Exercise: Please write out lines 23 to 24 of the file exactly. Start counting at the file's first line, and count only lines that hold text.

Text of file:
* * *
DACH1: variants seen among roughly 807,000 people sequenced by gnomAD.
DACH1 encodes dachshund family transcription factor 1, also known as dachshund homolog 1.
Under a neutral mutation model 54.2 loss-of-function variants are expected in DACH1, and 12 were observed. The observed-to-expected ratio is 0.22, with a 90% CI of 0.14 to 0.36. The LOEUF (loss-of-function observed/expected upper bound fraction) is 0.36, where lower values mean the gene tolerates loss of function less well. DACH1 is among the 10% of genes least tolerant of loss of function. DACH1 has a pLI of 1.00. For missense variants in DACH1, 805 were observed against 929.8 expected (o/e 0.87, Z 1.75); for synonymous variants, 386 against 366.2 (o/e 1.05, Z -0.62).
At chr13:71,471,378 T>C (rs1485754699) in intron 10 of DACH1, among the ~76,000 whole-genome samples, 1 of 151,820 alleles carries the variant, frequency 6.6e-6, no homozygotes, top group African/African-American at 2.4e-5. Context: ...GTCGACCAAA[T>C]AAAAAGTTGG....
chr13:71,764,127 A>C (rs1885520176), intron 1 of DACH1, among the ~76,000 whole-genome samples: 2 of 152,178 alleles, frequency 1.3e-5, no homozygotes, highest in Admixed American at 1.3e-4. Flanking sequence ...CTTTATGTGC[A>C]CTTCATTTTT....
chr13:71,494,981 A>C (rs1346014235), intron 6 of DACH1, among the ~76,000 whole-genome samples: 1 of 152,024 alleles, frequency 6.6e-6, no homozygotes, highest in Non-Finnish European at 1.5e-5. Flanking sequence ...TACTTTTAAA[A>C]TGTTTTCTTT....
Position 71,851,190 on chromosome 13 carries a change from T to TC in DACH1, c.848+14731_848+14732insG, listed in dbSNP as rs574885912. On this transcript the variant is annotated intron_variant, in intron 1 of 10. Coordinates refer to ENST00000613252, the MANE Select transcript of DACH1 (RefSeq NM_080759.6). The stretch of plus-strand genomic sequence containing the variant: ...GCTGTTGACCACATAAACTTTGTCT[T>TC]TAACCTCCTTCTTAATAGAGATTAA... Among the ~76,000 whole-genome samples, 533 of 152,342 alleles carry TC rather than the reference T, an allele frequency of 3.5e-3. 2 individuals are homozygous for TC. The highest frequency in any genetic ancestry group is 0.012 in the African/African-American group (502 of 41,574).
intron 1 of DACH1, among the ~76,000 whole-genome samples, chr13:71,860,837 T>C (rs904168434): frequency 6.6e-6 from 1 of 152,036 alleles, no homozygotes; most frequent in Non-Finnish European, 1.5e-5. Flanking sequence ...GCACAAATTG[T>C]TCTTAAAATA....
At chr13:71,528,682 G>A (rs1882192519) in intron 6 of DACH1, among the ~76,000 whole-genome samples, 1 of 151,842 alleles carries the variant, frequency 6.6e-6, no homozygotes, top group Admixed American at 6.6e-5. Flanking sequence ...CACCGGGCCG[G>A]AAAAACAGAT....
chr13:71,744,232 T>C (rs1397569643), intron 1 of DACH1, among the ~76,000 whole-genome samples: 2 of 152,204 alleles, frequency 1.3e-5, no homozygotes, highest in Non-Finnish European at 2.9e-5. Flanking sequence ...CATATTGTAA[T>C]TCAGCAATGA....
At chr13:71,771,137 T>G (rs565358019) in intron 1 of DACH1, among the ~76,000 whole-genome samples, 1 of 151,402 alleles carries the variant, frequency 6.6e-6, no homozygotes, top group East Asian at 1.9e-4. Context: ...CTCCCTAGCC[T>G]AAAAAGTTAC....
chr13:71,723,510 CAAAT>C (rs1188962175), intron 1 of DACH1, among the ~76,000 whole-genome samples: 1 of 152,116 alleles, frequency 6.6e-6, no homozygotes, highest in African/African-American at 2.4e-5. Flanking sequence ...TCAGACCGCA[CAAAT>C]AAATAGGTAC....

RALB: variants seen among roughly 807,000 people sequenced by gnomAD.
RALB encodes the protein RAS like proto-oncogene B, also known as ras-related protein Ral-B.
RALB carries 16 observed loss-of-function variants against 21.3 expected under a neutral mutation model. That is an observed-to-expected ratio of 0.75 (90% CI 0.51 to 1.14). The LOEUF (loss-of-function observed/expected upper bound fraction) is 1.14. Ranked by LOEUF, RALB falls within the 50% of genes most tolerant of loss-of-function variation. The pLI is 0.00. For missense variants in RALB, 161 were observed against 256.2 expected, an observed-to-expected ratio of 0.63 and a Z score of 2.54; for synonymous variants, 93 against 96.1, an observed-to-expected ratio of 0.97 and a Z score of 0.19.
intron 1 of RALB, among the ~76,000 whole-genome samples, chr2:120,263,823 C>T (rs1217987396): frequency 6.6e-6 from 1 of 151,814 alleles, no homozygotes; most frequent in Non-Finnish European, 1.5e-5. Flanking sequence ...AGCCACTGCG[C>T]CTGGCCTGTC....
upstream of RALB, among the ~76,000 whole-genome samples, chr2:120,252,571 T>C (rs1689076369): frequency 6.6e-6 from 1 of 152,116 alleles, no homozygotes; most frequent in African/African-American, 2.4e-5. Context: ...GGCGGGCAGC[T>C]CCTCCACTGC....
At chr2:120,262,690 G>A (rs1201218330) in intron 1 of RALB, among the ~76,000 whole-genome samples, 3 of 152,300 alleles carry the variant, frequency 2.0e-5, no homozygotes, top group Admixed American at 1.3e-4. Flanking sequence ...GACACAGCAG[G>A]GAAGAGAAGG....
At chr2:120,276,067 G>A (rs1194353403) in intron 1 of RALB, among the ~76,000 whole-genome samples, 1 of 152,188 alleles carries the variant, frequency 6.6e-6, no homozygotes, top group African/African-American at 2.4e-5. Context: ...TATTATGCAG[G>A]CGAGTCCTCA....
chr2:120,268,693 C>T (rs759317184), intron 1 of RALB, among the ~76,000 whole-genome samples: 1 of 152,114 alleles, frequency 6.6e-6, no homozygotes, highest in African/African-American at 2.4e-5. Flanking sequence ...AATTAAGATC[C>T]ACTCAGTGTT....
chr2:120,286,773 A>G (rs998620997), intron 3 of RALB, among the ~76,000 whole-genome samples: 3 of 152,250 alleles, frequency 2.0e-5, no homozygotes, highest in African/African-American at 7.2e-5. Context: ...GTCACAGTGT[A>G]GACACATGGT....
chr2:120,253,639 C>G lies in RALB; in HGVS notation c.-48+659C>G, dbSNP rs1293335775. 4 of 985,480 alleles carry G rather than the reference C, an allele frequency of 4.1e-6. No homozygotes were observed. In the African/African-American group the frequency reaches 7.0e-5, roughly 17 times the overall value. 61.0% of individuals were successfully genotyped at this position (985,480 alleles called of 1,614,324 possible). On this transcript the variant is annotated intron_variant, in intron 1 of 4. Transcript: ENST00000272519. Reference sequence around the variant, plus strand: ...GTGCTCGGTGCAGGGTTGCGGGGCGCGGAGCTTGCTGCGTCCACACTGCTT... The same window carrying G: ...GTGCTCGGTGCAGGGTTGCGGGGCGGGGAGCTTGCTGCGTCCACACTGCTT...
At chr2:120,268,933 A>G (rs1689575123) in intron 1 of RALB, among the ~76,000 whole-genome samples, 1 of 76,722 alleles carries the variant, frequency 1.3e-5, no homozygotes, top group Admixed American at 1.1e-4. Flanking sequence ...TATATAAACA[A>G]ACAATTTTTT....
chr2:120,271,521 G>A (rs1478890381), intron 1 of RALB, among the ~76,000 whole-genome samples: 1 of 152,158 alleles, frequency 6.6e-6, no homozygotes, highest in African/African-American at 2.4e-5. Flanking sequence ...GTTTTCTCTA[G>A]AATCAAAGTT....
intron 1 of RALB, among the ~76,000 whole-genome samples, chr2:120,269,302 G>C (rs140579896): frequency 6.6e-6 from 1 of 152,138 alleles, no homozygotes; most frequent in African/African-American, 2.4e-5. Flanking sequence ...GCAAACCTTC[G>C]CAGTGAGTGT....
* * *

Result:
At chr2:120,268,933 A>G (rs1689575123) in intron 1 of RALB, among the ~76,000 whole-genome samples, 1 of 76,722 alleles carries the variant, frequency 1.3e-5, no homozygotes, top group Admixed American at 1.1e-4. Flanking sequence ...TATATAAACA[A>G]ACAATTTTTT....
chr2:120,271,521 G>A (rs1478890381), intron 1 of RALB, among the ~76,000 whole-genome samples: 1 of 152,158 alleles, frequency 6.6e-6, no homozygotes, highest in African/African-American at 2.4e-5. Flanking sequence ...GTTTTCTCTA[G>A]AATCAAAGTT....